September 17 is Constitution Day. The Constitution is 231 years old. The Framers of the Constitution effectively protected us from having our rights taken away. But they never thought that we would give them away. As countries go, the United States is one of the relative youngsters, nevertheless, our constitution is the longest lasting constitution in human history. So, Happy Birthday to the most important document in the life of every American citizen, a document which represents and embodies the freedoms that we have been enjoying for the last 240 years.
Connecticut faces an enormous decision about the direction of its economic future. Yet as politicians pitch visions about their plans for prosperity, most are not talking about the staggering financial toll that criminal incarceration has had on this state.
The op-ed that was published in the New York Times last week confirmed what most Americans already knew – that President Donald Trump is incompetent, ignorant and dangerous. The identity of the White House official who wrote that editorial should absolutely not be named by the newspaper and should most certainly stay in the job and continue to protect our county from its worst enemy.
Opioids are insidious, and when a user expresses willingness to get help there is a small, crucial window of opportunity. That window slams shut when symptoms of withdrawal hit. Community Mental Health Affiliates, along with the Greater Hartford Harm Reduction Coalition and Beacon Pharmacy, have scheduled a naloxone (Narcan) education and free distribution event at 270 John Downey Drive, New Britain, from 5-6:30 p.m. on Tuesday, Sept. 18. All are welcome.
As a first-time candidate for office, I entered the summer door-knocking marathon with skepticism. How could a brief encounter on someone’s front step change a mind or solidify a vote? Now, with several months behind me and thousands of doors “hit,” I have learned that the greatest value in door-knocking comes from what you hear, not what you say. It is, in fact, the best way to get to know what’s on people’s minds. And it can help dispel the justifiable suspicion with which many people regard politicians.
Shortly after President Trump’s inauguration I thought that the true test of the Trump administration will be on how much it could deliver. If President Trump could just deliver on a third of his promises, it would be a successful presidency. Batting .333 is good in any league. I hoped that commentators would begin to focus on what the Trump administration actually does, and not what Donald Trump had done in his past or what they fear he will do in the future. Little did I realize how hard it would be to find out what the Trump administration has actually accomplished.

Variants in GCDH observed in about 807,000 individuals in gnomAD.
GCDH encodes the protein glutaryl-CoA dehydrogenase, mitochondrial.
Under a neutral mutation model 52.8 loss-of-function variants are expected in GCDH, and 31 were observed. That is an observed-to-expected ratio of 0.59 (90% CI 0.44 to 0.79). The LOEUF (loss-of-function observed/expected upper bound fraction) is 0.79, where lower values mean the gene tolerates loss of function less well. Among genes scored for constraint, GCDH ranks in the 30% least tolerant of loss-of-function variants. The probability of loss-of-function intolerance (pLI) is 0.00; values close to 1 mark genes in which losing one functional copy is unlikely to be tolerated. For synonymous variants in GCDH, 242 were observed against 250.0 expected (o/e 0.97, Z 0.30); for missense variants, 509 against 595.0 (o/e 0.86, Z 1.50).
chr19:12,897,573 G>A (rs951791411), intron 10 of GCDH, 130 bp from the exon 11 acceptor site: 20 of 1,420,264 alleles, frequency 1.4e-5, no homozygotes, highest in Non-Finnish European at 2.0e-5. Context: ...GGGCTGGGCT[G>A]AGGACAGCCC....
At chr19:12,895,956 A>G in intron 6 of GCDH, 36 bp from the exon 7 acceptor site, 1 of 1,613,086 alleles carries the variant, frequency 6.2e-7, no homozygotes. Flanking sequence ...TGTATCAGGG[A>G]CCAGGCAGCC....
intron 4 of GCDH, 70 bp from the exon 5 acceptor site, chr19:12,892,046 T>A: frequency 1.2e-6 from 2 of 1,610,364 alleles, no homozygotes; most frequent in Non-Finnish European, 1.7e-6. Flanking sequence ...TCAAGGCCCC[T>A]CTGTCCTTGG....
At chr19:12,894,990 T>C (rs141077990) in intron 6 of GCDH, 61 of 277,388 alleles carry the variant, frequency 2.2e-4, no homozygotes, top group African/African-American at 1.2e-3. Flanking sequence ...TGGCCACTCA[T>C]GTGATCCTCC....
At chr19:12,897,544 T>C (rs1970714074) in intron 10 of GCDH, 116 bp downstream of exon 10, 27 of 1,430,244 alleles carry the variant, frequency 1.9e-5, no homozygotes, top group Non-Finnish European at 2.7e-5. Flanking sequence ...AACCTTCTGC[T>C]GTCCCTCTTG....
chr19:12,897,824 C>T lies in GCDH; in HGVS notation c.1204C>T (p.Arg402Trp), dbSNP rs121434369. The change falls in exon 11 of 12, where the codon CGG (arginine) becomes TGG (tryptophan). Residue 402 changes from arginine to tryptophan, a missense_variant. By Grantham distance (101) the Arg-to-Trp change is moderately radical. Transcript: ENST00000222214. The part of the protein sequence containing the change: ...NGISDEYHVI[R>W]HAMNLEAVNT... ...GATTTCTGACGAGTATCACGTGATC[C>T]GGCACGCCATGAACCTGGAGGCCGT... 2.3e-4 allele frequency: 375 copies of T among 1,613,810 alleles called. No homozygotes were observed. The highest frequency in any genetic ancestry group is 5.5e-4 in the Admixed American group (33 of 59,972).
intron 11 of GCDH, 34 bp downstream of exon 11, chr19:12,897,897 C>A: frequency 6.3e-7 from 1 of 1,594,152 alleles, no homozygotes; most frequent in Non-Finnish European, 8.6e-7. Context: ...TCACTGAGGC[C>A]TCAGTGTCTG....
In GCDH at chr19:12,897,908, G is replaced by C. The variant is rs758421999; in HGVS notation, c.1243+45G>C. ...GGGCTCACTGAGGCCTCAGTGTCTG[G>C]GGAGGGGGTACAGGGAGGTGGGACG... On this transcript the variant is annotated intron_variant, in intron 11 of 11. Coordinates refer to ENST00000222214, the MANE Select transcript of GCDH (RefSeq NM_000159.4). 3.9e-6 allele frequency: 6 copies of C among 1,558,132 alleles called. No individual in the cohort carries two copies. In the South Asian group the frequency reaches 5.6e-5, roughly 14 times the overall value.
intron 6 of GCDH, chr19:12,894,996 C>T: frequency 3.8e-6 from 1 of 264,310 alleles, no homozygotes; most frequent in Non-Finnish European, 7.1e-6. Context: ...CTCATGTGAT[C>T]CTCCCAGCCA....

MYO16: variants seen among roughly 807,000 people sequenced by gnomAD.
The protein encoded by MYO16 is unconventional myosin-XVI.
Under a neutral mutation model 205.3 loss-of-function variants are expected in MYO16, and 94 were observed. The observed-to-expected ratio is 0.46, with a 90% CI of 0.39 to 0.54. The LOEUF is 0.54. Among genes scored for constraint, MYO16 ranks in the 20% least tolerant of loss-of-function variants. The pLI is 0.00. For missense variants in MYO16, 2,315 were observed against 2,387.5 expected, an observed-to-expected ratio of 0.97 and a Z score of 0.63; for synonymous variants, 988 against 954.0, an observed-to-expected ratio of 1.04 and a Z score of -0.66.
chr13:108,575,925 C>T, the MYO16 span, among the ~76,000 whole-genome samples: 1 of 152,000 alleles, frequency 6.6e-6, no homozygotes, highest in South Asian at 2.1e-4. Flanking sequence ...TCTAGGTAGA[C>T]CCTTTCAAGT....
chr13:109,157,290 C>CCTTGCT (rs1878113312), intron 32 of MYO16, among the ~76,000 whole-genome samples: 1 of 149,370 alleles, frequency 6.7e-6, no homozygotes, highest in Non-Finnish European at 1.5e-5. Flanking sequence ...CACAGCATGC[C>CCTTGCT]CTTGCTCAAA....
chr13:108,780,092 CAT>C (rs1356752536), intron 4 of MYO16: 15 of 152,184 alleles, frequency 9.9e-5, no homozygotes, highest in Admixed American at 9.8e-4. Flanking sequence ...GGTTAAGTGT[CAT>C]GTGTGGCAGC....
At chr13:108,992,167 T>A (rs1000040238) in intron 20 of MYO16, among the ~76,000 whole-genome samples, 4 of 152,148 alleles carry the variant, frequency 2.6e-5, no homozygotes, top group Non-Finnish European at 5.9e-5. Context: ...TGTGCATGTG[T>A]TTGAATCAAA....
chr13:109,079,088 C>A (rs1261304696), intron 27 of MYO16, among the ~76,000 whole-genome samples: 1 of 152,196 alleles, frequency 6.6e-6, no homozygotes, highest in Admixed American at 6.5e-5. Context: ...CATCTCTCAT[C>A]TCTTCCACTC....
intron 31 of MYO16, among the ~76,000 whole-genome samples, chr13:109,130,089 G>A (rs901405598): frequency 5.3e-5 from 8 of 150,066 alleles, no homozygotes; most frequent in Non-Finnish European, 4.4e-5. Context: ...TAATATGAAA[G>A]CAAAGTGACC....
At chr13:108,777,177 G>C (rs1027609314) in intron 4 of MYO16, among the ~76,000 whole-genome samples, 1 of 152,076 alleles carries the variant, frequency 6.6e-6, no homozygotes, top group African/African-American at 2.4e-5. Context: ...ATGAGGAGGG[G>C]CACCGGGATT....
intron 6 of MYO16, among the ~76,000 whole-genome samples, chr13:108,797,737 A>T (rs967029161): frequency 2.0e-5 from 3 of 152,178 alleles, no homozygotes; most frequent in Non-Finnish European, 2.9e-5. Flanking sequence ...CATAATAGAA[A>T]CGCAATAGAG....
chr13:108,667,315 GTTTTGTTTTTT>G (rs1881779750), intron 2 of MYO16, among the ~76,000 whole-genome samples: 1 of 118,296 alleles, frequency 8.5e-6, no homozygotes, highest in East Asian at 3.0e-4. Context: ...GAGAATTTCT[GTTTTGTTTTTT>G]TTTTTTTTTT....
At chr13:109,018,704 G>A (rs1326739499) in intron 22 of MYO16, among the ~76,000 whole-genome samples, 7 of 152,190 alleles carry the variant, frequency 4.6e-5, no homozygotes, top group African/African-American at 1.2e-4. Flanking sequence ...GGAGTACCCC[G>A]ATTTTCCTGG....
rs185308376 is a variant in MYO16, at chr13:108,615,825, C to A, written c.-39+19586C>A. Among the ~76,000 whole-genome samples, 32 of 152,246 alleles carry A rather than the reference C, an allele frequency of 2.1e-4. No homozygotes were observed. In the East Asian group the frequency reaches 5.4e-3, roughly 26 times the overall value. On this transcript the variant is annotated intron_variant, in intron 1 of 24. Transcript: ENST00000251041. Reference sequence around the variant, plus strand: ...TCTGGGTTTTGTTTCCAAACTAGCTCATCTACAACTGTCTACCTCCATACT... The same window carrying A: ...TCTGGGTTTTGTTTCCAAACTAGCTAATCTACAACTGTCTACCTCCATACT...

The economy has improved since President Trump has taken office. Black unemployment is the lowest ever, Hispanic unemployment is the lowest in decades. The growth of the economy which is measured by GDP, or Gross Domestic Product, is 4.1 percent the highest it has been in several years. All of these economic indicators nationally are directly affecting the Connecticut economy in a positive way.
The Connecticut income tax is, as it should be, an important subject for the gubernatorial candidates to discuss and to describe their preferences, e.g., repeal, modify, nothing. One item that is not being discussed is the fact that Connecticut residents — I don’t know how many or much is involved — are able to avoid paying any Connecticut income tax by declaring residency in another state — Florida, for example, that does not have an income tax.
The Bells of Balangiga are going home!** The announcement by Secretary of Defense Mattis about the bells last Friday, on the eve of the last weekend before the most exciting statewide primary elections in some time, was overshadowed by last minute local campaign media blitz and political punditry.
All across Connecticut, chances are you never heard or read about this news, and if you saw it, you probably could have cared even less about it.
Planning is what we are taught in our society. We plan for our retirement, we plan for our children’s education, we plan for our next vacations. What we do not plan for is the illness of a loved one. My family was faced with the sudden illness of my dad last spring. After a very critical time spent in the hospital, he was sent home with a new, very complex medication list to manage. This was something our family never thought to plan for.
A recent CTViewpoints opinion — Connecticut’s four year public state university graduation rates fall short — correctly observed that Connecticut’s state universities “have a responsibility to help students graduate.” Their success would “provide the state with more educated individuals equipped to enter the workforce and ultimately, enable them to become more productive citizens.” The good news is that the CSCU universities are in fact successful in achieving that objective. But that was not the conclusion of the author of the op-ed, who argued that six-year graduation rates of the CSCU universities were unacceptably low.
Short-term healthcare plans aren’t fundamentally effective for Connecticut families, and medical insurance now has become a burden to society. I have grave concerns about the Trump administration’s new rules regarding healthcare insurance, which allow the sale of cheaper health care plans on the market. These plans are originally intended only for short-term use.